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United States Trade Syria

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BUSINESS
January 23, 1997 | DAVID B. OTTAWAY, WASHINGTON POST
Four months after President Clinton signed a law last year barring financial transactions between American corporations and countries accused of supporting terrorism, the administration quietly exempted one such country--Sudan--where Occidental Petroleum Corp. was seeking a stake in a $930-million oil deal, according to federal officials and documents.
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BUSINESS
June 20, 1998 | Associated Press
Gateway Inc. agreed to pay a fine of $402,000 to settle charges of illegally shipping personal computers to Iran, Syria and 14 other countries subject to U.S. export controls. The Commerce Department said Gateway made the 1992 and 1993 sales even though the North Sioux City, S.D., company knew they required export licenses and in many cases falsified shipment declarations. Computer sales to most countries outside the NATO alliance are restricted, and U.S.
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NEWS
August 26, 1988
The United States will review the duty-free privileges of six countries accused of abusing workers' rights, Trade Representative Clayton K. Yeutter announced. The six include Israel, which has been charged with violating the rights of Palestinian workers, and Syria, Burma, Haiti, Liberia and Malaysia.
BUSINESS
January 23, 1997 | DAVID B. OTTAWAY, WASHINGTON POST
Four months after President Clinton signed a law last year barring financial transactions between American corporations and countries accused of supporting terrorism, the administration quietly exempted one such country--Sudan--where Occidental Petroleum Corp. was seeking a stake in a $930-million oil deal, according to federal officials and documents.
NEWS
August 28, 1991 | From Times Staff and Wire Reports
The U.S. government has approved the sale of more than $300 million in high-technology items to Iran and Syria in recent years, even though it says those countries support terrorism, documents indicate. The Commerce Department used loopholes in federal regulations to legally approve the exports, some of which had potential military use, documents obtained by the Associated Press show. From late 1987 through September, 1990, U.S.
BUSINESS
June 20, 1998 | Associated Press
Gateway Inc. agreed to pay a fine of $402,000 to settle charges of illegally shipping personal computers to Iran, Syria and 14 other countries subject to U.S. export controls. The Commerce Department said Gateway made the 1992 and 1993 sales even though the North Sioux City, S.D., company knew they required export licenses and in many cases falsified shipment declarations. Computer sales to most countries outside the NATO alliance are restricted, and U.S.
BUSINESS
January 23, 1997 | DAVID B. OTTAWAY, WASHINGTON POST
Four months after President Clinton signed a law last year barring financial transactions between American corporations and countries accused of supporting terrorism, the administration quietly exempted one such country--Sudan--where Occidental Petroleum Corp. was seeking a stake in a $930-million oil deal, according to federal officials and documents.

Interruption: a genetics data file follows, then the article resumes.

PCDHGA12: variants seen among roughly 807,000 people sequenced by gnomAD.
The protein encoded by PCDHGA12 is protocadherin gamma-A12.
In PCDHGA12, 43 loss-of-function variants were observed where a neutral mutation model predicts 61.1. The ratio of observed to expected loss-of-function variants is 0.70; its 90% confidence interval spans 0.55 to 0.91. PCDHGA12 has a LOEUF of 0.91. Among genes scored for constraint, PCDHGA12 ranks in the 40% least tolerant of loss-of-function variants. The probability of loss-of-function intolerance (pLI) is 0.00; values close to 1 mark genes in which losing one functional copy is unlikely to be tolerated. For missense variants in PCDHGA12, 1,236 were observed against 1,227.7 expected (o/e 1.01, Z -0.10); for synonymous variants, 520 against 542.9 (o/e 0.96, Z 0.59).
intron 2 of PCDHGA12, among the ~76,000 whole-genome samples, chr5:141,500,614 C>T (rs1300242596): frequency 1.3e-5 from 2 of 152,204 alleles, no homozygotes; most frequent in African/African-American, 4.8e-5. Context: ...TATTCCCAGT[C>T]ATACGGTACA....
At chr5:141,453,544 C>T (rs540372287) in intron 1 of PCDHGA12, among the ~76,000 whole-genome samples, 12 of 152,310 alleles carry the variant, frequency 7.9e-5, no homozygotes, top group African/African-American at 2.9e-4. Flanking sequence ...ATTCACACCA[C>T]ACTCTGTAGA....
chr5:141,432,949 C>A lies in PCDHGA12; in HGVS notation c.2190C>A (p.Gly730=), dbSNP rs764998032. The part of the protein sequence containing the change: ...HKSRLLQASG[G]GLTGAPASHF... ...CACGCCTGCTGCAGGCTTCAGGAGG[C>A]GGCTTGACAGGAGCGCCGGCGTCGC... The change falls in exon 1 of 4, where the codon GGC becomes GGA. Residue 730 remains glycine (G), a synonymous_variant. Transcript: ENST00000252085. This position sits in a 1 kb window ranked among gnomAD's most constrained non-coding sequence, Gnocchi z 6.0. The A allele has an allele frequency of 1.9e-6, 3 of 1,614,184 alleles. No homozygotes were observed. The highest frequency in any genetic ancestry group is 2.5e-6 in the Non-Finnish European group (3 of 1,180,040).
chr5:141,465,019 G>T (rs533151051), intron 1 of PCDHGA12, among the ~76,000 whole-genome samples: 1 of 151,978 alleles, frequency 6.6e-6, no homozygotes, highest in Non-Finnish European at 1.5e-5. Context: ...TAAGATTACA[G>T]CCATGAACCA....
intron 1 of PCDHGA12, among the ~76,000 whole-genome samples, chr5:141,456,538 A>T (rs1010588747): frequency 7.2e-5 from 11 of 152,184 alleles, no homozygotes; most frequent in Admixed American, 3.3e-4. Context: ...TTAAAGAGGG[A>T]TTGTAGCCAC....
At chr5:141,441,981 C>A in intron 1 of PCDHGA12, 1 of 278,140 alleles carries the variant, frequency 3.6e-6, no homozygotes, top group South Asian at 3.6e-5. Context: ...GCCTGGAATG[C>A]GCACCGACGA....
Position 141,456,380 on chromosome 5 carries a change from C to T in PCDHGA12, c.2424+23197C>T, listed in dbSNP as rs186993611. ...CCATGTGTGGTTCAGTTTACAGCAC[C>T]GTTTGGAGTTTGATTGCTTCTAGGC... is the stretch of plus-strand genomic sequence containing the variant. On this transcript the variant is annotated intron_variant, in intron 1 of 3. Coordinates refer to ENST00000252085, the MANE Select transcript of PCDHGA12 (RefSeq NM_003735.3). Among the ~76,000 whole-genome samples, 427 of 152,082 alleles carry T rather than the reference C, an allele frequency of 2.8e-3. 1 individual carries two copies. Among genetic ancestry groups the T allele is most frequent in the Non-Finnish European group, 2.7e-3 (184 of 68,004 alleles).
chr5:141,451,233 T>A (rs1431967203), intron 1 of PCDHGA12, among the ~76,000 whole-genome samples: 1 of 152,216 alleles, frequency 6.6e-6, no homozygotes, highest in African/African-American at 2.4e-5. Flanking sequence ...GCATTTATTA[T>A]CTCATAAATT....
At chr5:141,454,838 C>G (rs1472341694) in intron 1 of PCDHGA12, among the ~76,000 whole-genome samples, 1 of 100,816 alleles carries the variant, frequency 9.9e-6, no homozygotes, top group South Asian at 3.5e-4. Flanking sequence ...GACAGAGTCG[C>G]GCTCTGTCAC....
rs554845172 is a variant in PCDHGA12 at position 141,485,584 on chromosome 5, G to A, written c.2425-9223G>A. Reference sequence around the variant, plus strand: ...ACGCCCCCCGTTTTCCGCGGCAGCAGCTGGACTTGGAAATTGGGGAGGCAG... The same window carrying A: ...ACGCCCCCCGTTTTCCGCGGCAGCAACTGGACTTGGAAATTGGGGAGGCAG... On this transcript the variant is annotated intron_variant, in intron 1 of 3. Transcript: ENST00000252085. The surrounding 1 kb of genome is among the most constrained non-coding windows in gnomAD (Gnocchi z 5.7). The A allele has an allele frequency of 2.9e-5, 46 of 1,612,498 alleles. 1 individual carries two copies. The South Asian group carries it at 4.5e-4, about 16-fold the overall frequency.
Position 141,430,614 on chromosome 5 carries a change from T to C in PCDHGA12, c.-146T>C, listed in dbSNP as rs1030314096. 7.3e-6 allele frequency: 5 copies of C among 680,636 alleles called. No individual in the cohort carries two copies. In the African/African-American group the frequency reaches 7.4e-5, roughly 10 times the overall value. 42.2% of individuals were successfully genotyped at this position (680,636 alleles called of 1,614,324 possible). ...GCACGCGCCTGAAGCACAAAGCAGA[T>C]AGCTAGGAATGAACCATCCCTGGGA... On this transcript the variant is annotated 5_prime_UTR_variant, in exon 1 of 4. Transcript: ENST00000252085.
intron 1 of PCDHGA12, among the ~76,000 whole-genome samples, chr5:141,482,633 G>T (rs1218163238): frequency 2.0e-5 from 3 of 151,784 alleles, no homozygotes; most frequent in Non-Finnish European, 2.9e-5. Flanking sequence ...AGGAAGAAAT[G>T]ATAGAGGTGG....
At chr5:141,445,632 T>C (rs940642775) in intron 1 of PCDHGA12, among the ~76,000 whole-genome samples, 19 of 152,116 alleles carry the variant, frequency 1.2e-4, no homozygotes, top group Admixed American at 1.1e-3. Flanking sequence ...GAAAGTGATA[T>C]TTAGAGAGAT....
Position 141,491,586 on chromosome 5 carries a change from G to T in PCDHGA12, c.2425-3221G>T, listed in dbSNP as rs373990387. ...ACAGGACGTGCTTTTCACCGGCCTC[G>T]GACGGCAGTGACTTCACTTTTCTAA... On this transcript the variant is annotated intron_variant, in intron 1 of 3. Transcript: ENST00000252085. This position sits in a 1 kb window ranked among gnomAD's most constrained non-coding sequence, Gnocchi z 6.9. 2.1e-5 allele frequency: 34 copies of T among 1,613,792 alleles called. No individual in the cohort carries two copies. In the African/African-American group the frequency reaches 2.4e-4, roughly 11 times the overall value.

NEWS
October 28, 1987
A Philadelphia man who pleaded guilty to conspiring to sell military equipment to Syria was sentenced to 20 months to five years in prison. Kevin Gilday, 37, told U.S. District Judge Thomas Penfield Jackson that he had acted because of financial interests, not because of pro-Arab ideology as the U.S. government alleged. Gilday pleaded guilty Sept. 11 to conspiring to sell aviation navigation equipment to Syria in violation of the Arms Export Control Act. It was never delivered.
BUSINESS
January 23, 1997 | DAVID B. OTTAWAY, WASHINGTON POST
Four months after President Clinton signed a law last year barring financial transactions between American corporations and countries accused of supporting terrorism, the administration quietly exempted one such country--Sudan--where Occidental Petroleum Corp. was seeking a stake in a $930-million oil deal, according to federal officials and documents.
NEWS
August 28, 1991 | From Times Staff and Wire Reports
The U.S. government has approved the sale of more than $300 million in high-technology items to Iran and Syria in recent years, even though it says those countries support terrorism, documents indicate. The Commerce Department used loopholes in federal regulations to legally approve the exports, some of which had potential military use, documents obtained by the Associated Press show. From late 1987 through September, 1990, U.S.
NEWS
August 26, 1988
The United States will review the duty-free privileges of six countries accused of abusing workers' rights, Trade Representative Clayton K. Yeutter announced. The six include Israel, which has been charged with violating the rights of Palestinian workers, and Syria, Burma, Haiti, Liberia and Malaysia.
NEWS
October 28, 1987
A Philadelphia man who pleaded guilty to conspiring to sell military equipment to Syria was sentenced to 20 months to five years in prison. Kevin Gilday, 37, told U.S. District Judge Thomas Penfield Jackson that he had acted because of financial interests, not because of pro-Arab ideology as the U.S. government alleged. Gilday pleaded guilty Sept. 11 to conspiring to sell aviation navigation equipment to Syria in violation of the Arms Export Control Act. It was never delivered.
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